3) Functional (acalculous) gallbladder disease
Biliary pain seemingly results from increased intraluminal pressure as the gallbladder contracts against an obstructed outlet. In gallstone disease, the obstruction is obvious: a stone in the cystic duct. In functional gallbladder disease (also termed; acalculous gallbladder disease, gallbladder dyskinesia or biliary dyskinesia), the pain mechanism may be obstruction located at the gallbladder outlet, incoordination between gallbladder contraction and sphincter of Oddi relaxation, or visceral hypersensitivity. A clue to its existence is impaired gallbladder emptying, reliably quantitated by cholecystokinin-cholescintigraphy.41,42 Yet the frequency and management of acalculous gallbladder disease remains unclear. Eliminating the apparent problem, the gallbladder, via laparoscopic cholecystectomy is fraught with challenges, particularly in selecting those who would most benefit. Although the exact frequency of biliary dyskinesia is unknown, any increase in the employment of cholecystectomy for such cases most certainly would impact surgical rates. Thus, there is insufficient evidence to support a role for cholecystectomy in functional gallbladder disease at this time.43 Hence, patients with suspected functional biliary pain but whose intact gallbladder lacks ultrasonographic evidence of gallstones should be carefully evaluated to exclude other causes for their symptoms.
3. Risk factors for gallstone formation
Important risk factors have been identified as being associated with gallstones (Table 1).2 Multiple case-control studies, comparing those with gallstones versus those without, have shown that gallstone formation is multifactorial. Some features, such as ethnicity, genetics, advancing age and female gender cannot be modified, whereas others (e.g., diet, physical activity, rapid weight loss and obesity) are modifiable.
TPN, total parental nutrition.
Geography and particularly ethnicity play an enormous role in the prevalence of gallstone disease and also the type of stone that forms: cholesterol gallstones predominate in the developed countries of the Western world; brown pigment stones in the bile ducts are more common in Asia (Table 2, Fig. 1).44
TPN, total parental nutrition.
North American Indians have the highest reported rates of cholelithiasis, afflicting 64.1% of women and 29.5% of men.2,45 The aboriginal populations of South America also have an exceedingly high prevalence of gallstones: 49.4% of native Mapuche Indians of Chile women and 12.6% of men harbor gallstones.46Mexican Americans are also at heightened risk when compared to White Americans; however, this risk is directly related to the degree of Amerindian admixture.47–50 White Americans have an overall prevalence of 16.6% in women and 8.6% in men.6,47 Intermediate prevalence rates occur in Asian populations51,52and Black Americans (13.9% of women; 5.3% of men).6 The lowest frequencies occur in sub-Saharan Black Africans (<5%).53 The majority of gallstones in developed countries consist predominantly of cholesterol (>85%), whereas the remainder constitutes black pigment stones (i.e., composed of calcium bilirubinate) (Table 2).2,7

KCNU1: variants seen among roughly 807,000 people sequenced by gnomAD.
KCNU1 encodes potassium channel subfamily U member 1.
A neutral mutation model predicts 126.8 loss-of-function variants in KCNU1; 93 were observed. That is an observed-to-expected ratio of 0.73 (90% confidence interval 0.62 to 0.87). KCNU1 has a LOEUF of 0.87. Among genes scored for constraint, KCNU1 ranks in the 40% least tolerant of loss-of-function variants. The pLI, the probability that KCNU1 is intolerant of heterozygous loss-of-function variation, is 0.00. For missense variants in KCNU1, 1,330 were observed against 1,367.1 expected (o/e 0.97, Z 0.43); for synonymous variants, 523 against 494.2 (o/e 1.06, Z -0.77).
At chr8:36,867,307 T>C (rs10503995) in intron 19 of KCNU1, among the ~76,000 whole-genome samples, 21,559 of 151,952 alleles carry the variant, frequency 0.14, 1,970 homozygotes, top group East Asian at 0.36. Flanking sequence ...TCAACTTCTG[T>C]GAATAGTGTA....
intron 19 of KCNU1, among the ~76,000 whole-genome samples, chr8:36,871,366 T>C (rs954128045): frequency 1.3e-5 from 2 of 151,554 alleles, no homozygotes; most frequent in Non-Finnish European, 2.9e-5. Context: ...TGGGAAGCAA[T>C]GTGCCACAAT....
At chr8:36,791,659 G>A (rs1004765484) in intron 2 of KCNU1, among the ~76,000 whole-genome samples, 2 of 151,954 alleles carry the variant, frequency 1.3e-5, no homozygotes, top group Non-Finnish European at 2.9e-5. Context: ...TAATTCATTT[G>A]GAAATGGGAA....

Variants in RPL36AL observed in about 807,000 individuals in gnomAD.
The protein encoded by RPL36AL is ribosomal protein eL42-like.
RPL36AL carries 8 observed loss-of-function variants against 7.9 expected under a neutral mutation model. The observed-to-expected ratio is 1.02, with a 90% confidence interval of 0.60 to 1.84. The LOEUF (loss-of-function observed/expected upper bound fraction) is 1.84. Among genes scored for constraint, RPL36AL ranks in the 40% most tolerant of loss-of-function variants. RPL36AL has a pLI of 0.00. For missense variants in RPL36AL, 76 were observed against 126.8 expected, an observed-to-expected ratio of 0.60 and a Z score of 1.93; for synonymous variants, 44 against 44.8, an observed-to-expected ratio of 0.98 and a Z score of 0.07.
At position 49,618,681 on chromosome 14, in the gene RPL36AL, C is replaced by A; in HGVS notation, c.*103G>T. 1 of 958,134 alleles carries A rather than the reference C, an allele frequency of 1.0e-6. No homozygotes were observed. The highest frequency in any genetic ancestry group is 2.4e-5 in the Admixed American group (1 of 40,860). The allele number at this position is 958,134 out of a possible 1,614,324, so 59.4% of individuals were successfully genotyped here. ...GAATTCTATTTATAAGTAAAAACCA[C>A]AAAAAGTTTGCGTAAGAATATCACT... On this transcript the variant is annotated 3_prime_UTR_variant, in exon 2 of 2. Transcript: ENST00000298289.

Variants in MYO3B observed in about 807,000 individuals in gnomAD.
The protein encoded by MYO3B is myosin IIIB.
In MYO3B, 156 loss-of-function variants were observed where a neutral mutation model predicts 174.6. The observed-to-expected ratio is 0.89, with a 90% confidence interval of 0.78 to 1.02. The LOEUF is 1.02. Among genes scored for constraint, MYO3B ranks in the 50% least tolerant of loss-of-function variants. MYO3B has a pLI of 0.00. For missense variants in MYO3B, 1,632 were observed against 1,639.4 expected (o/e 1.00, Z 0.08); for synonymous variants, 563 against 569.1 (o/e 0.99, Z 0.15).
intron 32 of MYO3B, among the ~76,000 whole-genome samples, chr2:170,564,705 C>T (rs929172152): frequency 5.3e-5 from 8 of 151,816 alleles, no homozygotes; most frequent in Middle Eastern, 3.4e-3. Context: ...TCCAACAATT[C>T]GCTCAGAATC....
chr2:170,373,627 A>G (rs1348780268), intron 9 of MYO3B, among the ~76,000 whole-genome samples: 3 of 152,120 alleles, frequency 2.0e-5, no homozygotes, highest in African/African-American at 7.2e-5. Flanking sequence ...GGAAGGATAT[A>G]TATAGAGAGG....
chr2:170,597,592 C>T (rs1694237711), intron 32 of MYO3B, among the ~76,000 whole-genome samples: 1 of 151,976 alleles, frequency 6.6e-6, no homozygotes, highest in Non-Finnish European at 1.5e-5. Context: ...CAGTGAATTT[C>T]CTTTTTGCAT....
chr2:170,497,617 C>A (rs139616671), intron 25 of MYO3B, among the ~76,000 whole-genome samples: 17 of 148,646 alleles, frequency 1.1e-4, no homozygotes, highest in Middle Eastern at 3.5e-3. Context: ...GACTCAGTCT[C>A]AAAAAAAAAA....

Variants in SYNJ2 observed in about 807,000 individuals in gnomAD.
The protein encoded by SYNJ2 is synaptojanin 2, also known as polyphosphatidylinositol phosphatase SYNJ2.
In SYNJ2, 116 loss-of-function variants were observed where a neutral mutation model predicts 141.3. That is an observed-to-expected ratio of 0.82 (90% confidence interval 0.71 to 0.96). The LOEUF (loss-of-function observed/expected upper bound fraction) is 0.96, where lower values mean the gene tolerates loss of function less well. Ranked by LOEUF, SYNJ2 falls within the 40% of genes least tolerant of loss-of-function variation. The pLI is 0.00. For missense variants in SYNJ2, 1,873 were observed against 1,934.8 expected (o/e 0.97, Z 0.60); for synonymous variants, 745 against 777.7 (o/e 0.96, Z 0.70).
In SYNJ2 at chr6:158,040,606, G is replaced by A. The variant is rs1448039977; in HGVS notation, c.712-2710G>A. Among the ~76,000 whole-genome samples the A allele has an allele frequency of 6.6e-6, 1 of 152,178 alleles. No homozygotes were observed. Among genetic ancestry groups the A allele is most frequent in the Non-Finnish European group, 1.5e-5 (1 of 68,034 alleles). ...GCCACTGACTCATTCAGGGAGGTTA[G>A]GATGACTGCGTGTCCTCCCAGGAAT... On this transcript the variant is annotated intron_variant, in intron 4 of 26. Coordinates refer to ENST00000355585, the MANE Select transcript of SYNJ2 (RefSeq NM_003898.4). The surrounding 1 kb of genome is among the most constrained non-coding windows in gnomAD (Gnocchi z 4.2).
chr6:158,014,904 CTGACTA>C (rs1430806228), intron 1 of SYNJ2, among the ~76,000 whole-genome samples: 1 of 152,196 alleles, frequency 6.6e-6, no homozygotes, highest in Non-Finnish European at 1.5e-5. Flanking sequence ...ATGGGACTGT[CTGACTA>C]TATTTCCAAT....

The situation differs in East Asia where brown pigment stones are located in bile ducts, predominately associated with parasitic infestation. In developed countries, however, these bile duct stones arise in association with the inflammation and infection that result from biliary strictures and malignancies. Brown pigment stones consist of some calcium bilirubinate (hence their dark color), fatty acid soaps (calcium palmitate and calcium stearate, hence their greasy feel), some cholesterol, and mucinous glycoproteins (a product of bacterial biofilms). They form de novo in the common bile duct (choledocholithiasis) or the intrahepatic bile ducts (hepatolithiasis). These primary ductal stones result from bacterial infection, biliary parasites (Clonorchis sinensis, Opisthorchis species, Fasciola hepatica) and stasis from partial biliary obstruction. Brown pigment stones are the predominant type in Asia where they can cause Oriental cholangiohepatitis: biliary obstruction with recurrent cholangitis, dilatation and stricturing of the biliary tree. In hepatolithiasis, stones are present in the intrahepatic bile ducts, regardless of any coexistent stones residing elsewhere in the biliary system (i.e., the extrahepatic ducts or the gallbladder). The brown pigment stones that arise in intrahepatic sites (hepatolithiasis) possess relatively more cholesterol and less bilirubin than those that form in extrahepatic sites, presumably due to a different mechanism for their formation. The frequency of hepatolithiasis, as a proportion of all bile duct stones, is as high as 20% in China and Taiwan, yet as low at 2% to 3% in Japan, Singapore, and Hong Kong.54 The stone type curiously has recently shifted in developing Asian countries from pigment to cholesterol stones. The basis for this change may reflect a decreased rate of chronic biliary infections and consumption of a more Westernized diet.2